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2021 NCSS National Conference – Abstracts

Live Oral Pre-Recorded Posters Focus Teams

Live Oral Technical Presentations — Wednesday, June 9, 2021

1a: Dynamic Soil Properties 1b: Ecological Site Descriptions 2a: Soil Health 2b: Soil Survey


1a: Dynamic Soil Properties



1a-1: Leveraging biogeochemical modeling to generate novel dynamic soil property maps

Presenting Author: Jason P. Ackerson, Agronomy Department, Purdue University
Co-author: Davide Cammarano, Agronomy Department, Purdue University

Developing dynamic soil survey products requires an understanding of the temporal evolution of dynamic soil properties (DSPs) due to changing management and climate regimes. Typically, quantification of the temporal evolution of DSPs is conducted using long-term field trials. While these trials provide valuable insights into the temporal evolution of DSPs, due to the logistics of operating long-term trials, the scope of such trials is limited to a small number of soils and management regimes. Therefore, we need methods to scale the understanding of DSP evolution from long-term experiments to unstudied combinations of soils and management.  In this paper we present a framework that leverages biogeochemical process modeling to quantify DSP evolution and generate new DSP data.  We used the agricultural system and biogeochemical model DSSAT-CENTURY to simulate the temporal evolution of soil carbon stocks over 100 years of corn-soy bean rotations for 120 soil components in MLRA 111. We then use the simulated time series of carbon stocks to calibrate empirical relationships between soil carbon stock dynamics and static soil properties (e.g. drainage, texture, etc.). These empirical relationships were then used to scale results of the modeling analysis to every soil component in the study region producing maps of equilibrium soil carbon stocks and carbon stock vulnerability. This approach demonstrates how we can couple existing soil data products (e.g. SSURGO) with biogeochemical process models to develop novel DSP maps.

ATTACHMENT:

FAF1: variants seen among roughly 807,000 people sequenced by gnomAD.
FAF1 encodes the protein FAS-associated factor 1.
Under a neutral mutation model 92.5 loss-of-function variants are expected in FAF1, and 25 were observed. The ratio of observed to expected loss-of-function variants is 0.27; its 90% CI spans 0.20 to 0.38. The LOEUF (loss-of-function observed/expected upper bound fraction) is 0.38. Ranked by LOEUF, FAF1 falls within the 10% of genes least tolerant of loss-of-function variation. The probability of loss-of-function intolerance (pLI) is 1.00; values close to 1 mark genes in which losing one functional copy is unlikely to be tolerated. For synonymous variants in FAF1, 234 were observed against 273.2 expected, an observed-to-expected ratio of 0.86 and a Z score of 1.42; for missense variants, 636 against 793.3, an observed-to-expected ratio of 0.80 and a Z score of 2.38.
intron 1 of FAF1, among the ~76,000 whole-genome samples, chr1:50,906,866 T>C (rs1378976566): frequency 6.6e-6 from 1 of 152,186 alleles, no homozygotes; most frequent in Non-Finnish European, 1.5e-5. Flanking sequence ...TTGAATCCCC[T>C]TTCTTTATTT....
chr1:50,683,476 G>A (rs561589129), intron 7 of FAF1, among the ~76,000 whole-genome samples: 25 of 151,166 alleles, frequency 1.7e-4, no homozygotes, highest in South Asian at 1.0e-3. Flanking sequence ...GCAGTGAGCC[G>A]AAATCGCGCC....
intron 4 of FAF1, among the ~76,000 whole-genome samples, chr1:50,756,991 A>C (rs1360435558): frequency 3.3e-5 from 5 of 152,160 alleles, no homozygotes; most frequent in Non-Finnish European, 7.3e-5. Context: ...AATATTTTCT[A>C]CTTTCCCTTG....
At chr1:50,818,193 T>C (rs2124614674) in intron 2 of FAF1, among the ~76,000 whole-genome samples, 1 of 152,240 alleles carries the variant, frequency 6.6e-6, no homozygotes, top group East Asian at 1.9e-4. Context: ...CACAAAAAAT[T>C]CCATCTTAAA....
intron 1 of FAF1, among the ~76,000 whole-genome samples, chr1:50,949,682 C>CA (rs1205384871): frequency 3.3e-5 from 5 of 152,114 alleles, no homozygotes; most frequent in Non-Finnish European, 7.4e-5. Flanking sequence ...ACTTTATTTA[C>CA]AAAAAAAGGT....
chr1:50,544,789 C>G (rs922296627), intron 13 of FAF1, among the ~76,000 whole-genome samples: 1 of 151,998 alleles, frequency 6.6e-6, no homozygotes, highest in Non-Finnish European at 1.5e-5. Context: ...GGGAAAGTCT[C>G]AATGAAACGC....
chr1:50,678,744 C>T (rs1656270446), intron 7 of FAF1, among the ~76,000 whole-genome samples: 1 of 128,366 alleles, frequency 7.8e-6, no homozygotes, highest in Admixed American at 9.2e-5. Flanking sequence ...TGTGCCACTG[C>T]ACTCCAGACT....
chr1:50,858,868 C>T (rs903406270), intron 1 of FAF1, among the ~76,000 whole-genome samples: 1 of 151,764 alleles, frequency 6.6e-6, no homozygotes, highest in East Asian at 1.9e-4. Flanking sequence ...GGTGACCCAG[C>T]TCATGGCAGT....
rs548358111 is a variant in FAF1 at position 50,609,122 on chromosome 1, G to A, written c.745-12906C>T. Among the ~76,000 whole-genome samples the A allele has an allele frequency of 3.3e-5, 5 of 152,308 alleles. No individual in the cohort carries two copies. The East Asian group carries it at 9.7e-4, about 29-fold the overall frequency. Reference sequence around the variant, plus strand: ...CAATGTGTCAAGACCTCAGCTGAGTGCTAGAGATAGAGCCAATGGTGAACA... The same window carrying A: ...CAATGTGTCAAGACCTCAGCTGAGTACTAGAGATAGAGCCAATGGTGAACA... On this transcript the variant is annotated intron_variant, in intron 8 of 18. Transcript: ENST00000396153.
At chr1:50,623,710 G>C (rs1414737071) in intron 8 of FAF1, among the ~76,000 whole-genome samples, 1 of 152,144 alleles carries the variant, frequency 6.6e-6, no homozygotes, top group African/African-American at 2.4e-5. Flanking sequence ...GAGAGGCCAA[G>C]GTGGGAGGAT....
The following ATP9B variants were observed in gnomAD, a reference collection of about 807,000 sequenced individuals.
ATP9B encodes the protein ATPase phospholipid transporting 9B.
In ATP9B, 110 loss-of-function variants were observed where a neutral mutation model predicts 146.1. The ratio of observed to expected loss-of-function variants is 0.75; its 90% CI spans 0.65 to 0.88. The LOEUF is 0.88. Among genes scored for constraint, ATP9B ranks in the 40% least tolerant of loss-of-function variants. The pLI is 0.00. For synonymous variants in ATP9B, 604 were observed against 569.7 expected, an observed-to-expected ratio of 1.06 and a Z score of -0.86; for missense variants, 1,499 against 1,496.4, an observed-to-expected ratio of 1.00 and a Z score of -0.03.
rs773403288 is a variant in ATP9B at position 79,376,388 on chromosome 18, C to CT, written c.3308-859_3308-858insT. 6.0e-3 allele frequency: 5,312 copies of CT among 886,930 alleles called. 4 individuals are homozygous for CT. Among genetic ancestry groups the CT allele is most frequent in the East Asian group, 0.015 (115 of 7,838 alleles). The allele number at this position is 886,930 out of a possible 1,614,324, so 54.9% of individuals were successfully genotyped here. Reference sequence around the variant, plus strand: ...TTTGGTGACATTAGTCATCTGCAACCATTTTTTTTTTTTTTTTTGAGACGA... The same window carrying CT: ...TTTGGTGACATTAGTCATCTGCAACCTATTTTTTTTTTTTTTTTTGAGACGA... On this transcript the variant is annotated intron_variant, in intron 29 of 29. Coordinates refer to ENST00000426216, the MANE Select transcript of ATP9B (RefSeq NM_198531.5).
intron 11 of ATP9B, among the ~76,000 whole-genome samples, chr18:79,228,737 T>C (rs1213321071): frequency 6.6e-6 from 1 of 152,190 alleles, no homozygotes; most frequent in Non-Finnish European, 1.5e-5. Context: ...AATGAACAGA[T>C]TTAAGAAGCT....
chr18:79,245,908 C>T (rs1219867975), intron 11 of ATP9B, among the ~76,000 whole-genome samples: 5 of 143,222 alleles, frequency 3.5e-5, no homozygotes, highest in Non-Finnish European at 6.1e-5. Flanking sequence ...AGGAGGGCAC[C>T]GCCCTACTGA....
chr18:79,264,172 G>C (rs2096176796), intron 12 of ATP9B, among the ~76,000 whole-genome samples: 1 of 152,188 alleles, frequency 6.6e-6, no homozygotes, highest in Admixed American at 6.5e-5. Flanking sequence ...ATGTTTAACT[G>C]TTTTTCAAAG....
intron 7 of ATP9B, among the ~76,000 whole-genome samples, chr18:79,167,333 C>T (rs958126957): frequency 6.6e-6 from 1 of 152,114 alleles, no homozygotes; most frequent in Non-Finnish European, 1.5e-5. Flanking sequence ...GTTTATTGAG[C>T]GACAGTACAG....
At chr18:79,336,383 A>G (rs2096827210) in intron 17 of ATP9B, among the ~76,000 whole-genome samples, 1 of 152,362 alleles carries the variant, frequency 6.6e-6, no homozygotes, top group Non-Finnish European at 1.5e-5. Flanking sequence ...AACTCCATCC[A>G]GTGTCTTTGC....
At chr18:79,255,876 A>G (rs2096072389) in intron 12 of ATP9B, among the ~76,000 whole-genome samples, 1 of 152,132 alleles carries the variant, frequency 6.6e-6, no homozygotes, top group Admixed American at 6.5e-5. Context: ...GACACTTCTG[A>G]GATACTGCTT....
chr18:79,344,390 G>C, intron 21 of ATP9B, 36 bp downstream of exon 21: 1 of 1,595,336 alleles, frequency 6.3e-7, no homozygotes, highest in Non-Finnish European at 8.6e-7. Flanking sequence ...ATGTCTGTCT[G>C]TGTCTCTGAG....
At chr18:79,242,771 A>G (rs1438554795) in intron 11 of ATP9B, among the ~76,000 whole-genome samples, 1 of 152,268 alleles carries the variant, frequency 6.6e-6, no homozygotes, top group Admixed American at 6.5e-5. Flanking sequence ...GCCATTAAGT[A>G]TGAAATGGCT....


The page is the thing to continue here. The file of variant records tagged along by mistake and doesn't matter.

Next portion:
1a-2: How does texture influence soil dynamic properties influence on soil N?

Presenting Author: Dorcas Franklin, University of Georgia, Department of Crop & Soil Sciences
Co-author: Anish Subedi, University of Georgia, Department of Crop & Soil Sciences

Management decisions driving differences in availability of nitrogen in pasture soils can be useful for forage production and environmental protection. In our previous studies in pasture soils in Georgia Piedmont, we found dynamic soil properties significantly influence soil N. Soil compaction (measured as Bulk Density) and both stable (Loss-on-Ignition Carbon; LOI) and active (Permanganate Oxidizable Carbon; POXC) carbon pools were significant predictors of plant available nitrogen measured as nitrate (NO3) and inorganic nitrogen (NO3 + NH4; IN). POXC, which is more sensitive to management changes than LOI, was found to be more reliable predictor of IN which could help farmers prevent toxic N forage concentrations.  In this study, in grazed pasture soils from Watkinsville and Eatonton in the Georgia Piedmont, we investigated the differences in prediction of plant available N fractions using dynamic soil properties BD, LOI and POXC as predictors in a recursive partition model for different texture classes. The threshold values were determined for the best predictors which significantly changed levels of IN or NO3 in the soil. Results showed that POXC was a better predictor of NO3 and IN for all textural classes except Loam and Sandy Clay. Bulk density was better predictor for Loam and Sandy Clay soils.



1a-3: Conceptualizing permafrost as a dynamic soil property: assessing and integrating dynamic change over space and time

Presenter: Nic Jelinski, University of Minnesota Department of Soil, Water, and Climate

Permafrost is a critical soil property that influences soil properties and interpretations over multiple spatial and temporal scales in circumpolar regions. The very nature of the English term (permafrost) used to describe materials which remain at or below zero degrees C for two or more years implies a permanence that neither the technical definition of the term nor the physical and ecological realities of the phenomena conform to. Permafrost is best conceptualized as a dynamic soil property that responds to inter-annual variability, ecological and land use change, and long-term climate trends. Conflicting viewpoints on the genesis and classification of permafrost-affected soils, and resulting issues in representations of permafrost-affected soils in spatial products and databases can be traced to its dynamic nature. Permafrost can therefore be integrated into existing frameworks for dynamic soil properties, which can reveal new paths forward for delivering dynamic information to soil survey users that is consistent with inter-annual, ecological, and climatic change.